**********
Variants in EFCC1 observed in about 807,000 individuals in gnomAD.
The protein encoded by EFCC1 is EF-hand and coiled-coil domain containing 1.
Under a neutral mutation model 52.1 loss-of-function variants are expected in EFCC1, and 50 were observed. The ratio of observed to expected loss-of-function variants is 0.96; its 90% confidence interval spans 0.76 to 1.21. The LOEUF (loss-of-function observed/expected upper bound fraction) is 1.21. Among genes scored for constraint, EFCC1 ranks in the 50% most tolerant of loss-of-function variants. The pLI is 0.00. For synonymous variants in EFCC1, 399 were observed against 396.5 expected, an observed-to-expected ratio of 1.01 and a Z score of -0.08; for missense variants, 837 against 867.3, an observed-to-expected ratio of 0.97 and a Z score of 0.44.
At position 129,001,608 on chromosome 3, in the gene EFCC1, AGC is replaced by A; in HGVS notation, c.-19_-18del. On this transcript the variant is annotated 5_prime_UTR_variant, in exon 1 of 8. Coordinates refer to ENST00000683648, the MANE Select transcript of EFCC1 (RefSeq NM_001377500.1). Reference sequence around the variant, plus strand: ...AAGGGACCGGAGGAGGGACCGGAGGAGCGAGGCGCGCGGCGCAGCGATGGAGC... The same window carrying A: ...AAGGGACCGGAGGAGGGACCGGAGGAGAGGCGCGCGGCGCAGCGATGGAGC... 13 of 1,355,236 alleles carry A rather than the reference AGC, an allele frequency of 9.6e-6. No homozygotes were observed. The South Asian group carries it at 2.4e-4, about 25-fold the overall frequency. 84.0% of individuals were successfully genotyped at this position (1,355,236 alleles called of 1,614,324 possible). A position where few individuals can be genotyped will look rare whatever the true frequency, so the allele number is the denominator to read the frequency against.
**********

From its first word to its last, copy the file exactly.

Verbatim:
Variants in EFCC1 observed in about 807,000 individuals in gnomAD.
The protein encoded by EFCC1 is EF-hand and coiled-coil domain containing 1.
Under a neutral mutation model 52.1 loss-of-function variants are expected in EFCC1, and 50 were observed. The ratio of observed to expected loss-of-function variants is 0.96; its 90% confidence interval spans 0.76 to 1.21. The LOEUF (loss-of-function observed/expected upper bound fraction) is 1.21. Among genes scored for constraint, EFCC1 ranks in the 50% most tolerant of loss-of-function variants. The pLI is 0.00. For synonymous variants in EFCC1, 399 were observed against 396.5 expected, an observed-to-expected ratio of 1.01 and a Z score of -0.08; for missense variants, 837 against 867.3, an observed-to-expected ratio of 0.97 and a Z score of 0.44.
At position 129,001,608 on chromosome 3, in the gene EFCC1, AGC is replaced by A; in HGVS notation, c.-19_-18del. On this transcript the variant is annotated 5_prime_UTR_variant, in exon 1 of 8. Coordinates refer to ENST00000683648, the MANE Select transcript of EFCC1 (RefSeq NM_001377500.1). Reference sequence around the variant, plus strand: ...AAGGGACCGGAGGAGGGACCGGAGGAGCGAGGCGCGCGGCGCAGCGATGGAGC... The same window carrying A: ...AAGGGACCGGAGGAGGGACCGGAGGAGAGGCGCGCGGCGCAGCGATGGAGC... 13 of 1,355,236 alleles carry A rather than the reference AGC, an allele frequency of 9.6e-6. No homozygotes were observed. The South Asian group carries it at 2.4e-4, about 25-fold the overall frequency. 84.0% of individuals were successfully genotyped at this position (1,355,236 alleles called of 1,614,324 possible). A position where few individuals can be genotyped will look rare whatever the true frequency, so the allele number is the denominator to read the frequency against.